Jenny sat outside between her brother and father. They both drank beer silently, running out of words to say to each other after the first day. There was a slight chill but the sun was still warm. It felt weird for all of this to happen when it was so nice out. It was the beginning of spring; the flowers were growing, and the birds were up every morning with the sun. Jenny didn’t understand how the Earth could still go on, how the grass could still grow without fear of being trimmed. Jenny thought everything would just pause; that even the sun would stay in place as humanity worked it all out.
The clouds began to pile against each other, and the one-minute chill moved faster against Jenny. Her brother and father had both gone inside and Jenny knew that when she entered the house the sensation of Deja vu would take over her. There was not much Jenny could do. She could learn a new instrument, practice a foreign language or figure out how to cook a proper meal but those would take time. Not just a day but weeks even months of consistent practice. Jenny didn’t want to admit that she would be stuck in her house for that long. So, to Jenny, no matter what the calendar said, today was a lazy carefree Sunday and tomorrow she would wake up for school. There had been a lot of Sundays.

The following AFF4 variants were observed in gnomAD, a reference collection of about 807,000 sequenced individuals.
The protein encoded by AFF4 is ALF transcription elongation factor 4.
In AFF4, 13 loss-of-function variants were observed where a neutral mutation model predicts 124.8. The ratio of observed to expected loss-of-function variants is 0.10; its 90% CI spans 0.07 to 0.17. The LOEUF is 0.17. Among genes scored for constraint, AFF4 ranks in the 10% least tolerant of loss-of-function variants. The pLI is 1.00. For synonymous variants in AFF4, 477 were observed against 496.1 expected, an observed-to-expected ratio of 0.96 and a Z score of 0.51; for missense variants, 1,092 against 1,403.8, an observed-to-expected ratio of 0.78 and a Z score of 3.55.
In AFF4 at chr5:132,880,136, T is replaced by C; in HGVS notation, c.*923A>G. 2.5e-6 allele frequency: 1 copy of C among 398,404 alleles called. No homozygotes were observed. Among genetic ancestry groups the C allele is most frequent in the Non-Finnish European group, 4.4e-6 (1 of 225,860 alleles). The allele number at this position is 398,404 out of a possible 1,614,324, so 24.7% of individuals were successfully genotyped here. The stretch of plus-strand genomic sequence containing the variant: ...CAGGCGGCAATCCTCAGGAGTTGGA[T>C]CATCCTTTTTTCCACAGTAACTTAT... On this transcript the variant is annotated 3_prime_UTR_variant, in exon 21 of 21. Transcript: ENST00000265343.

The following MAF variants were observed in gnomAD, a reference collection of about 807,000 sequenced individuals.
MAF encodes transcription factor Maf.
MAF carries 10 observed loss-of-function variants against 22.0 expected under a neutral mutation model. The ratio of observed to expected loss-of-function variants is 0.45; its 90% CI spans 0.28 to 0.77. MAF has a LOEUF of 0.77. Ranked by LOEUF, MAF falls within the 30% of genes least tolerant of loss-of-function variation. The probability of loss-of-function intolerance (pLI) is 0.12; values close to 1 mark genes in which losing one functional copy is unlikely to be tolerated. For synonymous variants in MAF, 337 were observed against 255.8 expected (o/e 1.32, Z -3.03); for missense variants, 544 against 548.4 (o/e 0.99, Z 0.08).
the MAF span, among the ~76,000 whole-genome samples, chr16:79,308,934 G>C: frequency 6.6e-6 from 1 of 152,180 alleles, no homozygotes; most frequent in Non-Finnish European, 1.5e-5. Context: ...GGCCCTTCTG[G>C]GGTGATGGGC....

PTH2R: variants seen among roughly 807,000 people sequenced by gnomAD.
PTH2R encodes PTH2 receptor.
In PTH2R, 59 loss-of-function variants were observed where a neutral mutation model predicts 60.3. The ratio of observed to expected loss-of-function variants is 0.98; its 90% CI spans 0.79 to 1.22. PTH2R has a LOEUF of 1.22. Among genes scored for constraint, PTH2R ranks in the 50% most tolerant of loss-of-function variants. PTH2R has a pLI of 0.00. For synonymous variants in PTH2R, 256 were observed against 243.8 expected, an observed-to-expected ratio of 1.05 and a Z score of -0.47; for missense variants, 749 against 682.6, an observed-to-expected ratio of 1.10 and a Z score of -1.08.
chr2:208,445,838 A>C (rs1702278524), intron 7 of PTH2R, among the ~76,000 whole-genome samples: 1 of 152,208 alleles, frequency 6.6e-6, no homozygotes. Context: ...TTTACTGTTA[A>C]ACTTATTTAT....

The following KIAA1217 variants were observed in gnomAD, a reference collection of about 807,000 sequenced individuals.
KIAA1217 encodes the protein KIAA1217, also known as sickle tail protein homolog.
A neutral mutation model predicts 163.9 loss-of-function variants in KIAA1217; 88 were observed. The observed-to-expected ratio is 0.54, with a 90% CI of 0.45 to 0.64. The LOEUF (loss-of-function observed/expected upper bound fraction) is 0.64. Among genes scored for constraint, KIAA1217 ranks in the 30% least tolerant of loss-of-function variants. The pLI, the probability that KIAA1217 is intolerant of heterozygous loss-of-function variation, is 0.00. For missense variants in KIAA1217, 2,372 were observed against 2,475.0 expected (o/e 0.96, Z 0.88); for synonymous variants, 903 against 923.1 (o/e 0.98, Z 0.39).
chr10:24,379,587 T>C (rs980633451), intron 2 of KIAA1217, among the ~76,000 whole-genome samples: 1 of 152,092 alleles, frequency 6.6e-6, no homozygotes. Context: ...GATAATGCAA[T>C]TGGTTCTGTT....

Jenny stretched the dry skin of her right hand. She examined the lines and wondered what a psychic would see in them. She scrunched her skin back up and marveled at how easily the hand sanitizer had broken her flesh. Her knuckles looked old and tired like her Grandma’s. She hadn’t been able to see her Grandma in a while. She should call her Grandma. Jenny missed a lot; she knew that soon she would miss more. She missed licking the brownie mix from the spatula. She missed double-dipping. She missed a simple handshake. She missed school and the people she didn’t know but would see every day in the hallways.
Every night, Jenny would pray no matter how useless it had become. In her sleep, she wondered what the history textbooks would write about this year. She imagined paragraphs about the stock market, headers about the presidency and chapters about all the other countries struggling. There would be no mention of Jenny or her family. No mention of how the trees somehow still bloomed.
Jenny thought about the bored future history student. How he will be skimming the chapter about the virus and taking half-ass notes about it because he is only being graded on effort. He will not think about the people who sat inside alone while spring awoke right outside their windows. Jenny wanted to grab him from her dreams and spit on him. But she wouldn’t; she was practicing social distancing.
Livvy Krakower is a junior at Columbia High School in Maplewood, N.J.Air Zoom Vomero 14